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AN8.83 — explanation of the sutta by Ajahn Brahmāli (?) in Wisdom Publication tome

Stoked to see this footnote 1801 in Wisdom Publication’s Aṅguttara Nikāya 8.83:

Brahmāli (in a private communication) offers a fine explanation of this cryptic sutta: “I understand sabbe dhammā to be a reference to the world of personal experience. The meaning would then be as follows: All elements of our experience are rooted in desire (chandamūlakā) in the sense that we exist due to desire (taking chanda as equivalent to craving). They come into being through attention (manasikārasambhavā) in the sense that we only experience what we attend to. They originate from contact (phassasamudayā) because without contact we don’t experience anything at all. They converge upon feeling (vedanāsamosaraṇā) in the sense that feeling is the most important aspect of our experience, the basic motivating factor in everything we do. They are headed by concentration (samādhippamukhā) in the sense that concentration is a controlling faculty (an indriya) whose lead all elements of our experience must follow. They are under the authority of mindfulness (satādhipateyyā) because mindfulness is another controlling faculty which directs us in whatever we do or experience. All things have wisdom as supervisor (paññuttarā) because wisdom is the chief of the controlling faculties; wisdom, more than anything else, controls our experience (the last three factors are what allow us to get a sense of being in charge of our lives). That liberation is their core (vimuttisārā), the most excellent of all things, is self-explanatory.”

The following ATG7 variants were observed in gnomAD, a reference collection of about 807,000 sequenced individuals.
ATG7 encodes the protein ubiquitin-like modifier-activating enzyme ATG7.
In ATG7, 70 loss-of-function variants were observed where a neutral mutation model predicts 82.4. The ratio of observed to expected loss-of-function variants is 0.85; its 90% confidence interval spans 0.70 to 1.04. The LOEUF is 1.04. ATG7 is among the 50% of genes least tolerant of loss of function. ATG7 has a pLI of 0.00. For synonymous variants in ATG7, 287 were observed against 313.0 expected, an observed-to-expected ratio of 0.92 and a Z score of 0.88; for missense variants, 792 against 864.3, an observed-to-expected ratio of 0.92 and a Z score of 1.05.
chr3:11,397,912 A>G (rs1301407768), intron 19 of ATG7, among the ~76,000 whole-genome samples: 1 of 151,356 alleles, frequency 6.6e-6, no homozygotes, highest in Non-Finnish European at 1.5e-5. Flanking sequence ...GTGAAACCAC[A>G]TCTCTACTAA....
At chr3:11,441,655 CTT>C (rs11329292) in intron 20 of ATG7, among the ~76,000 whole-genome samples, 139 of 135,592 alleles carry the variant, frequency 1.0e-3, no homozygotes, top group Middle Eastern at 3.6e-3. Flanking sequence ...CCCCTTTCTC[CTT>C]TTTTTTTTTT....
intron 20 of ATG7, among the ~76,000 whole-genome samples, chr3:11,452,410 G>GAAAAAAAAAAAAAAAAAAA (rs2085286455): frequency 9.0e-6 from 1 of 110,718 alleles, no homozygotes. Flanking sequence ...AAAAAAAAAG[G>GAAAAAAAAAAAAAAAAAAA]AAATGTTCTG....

Ajahn Brahmāli, was that you? Found the sutta when searching for the phrase “sabbe dhamma sati ādhipateyya” you mentioned in today’s sutta reading (sutta retreat). My next to do thing is to search the pdfs or epubs (yeah, especially since I had them combined, but they load so slowly) of the 4 tomes to see if I can see more of these accreditations of our dearest teachers.

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Let’s tag bhante @brahmali so he can answer you @waiyin
:pray:t2:

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Yes, that’s me. You know, I don’t think there are heaps of Brahmāli’s out there! :grinning:

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22 occurrences of Brahmāli (Searching the ‘anthology’ of Wisdom Publication tomes) — only extracting Ajahn @Brahmali’s words:

3 in preface to Aṅguttara Nikāya
4. AN3.34 Footnote 373 Brahmāli writes: “There must be a distinction here between ‘non-greed’ (alobha ) and the situation when ‘greed has vanished’ (lobhe vigata ). The former must refer to the motivation behind a particular action, the latter to the full uprooting of greed, attained only by the non-returner or even the arahant. Only in the light of this distinction does this statement make sense.”
5. AN3.61 Footnote 432 Brahmāli writes: “The point here seems to be that each of these unwholesome ways of acting is related to particular feelings, and that those feelings (or experiences) can only be experienced through those acts. It follows that if your kamma is such that you have to experience the feelings connected with those bad acts, then you will have to perform them.”
6. AN4.160 Footnote 848 I follow Brahmāli’s suggestion that suttantaṃ here has an implicitly plural sense; for other examples, see Vin III 159,12, and Vin IV 344,21.
7. AN5.55 Footnote 1052 Brahmāli suggests taking ugghātitā as “obese,” but I’m not sure this would work.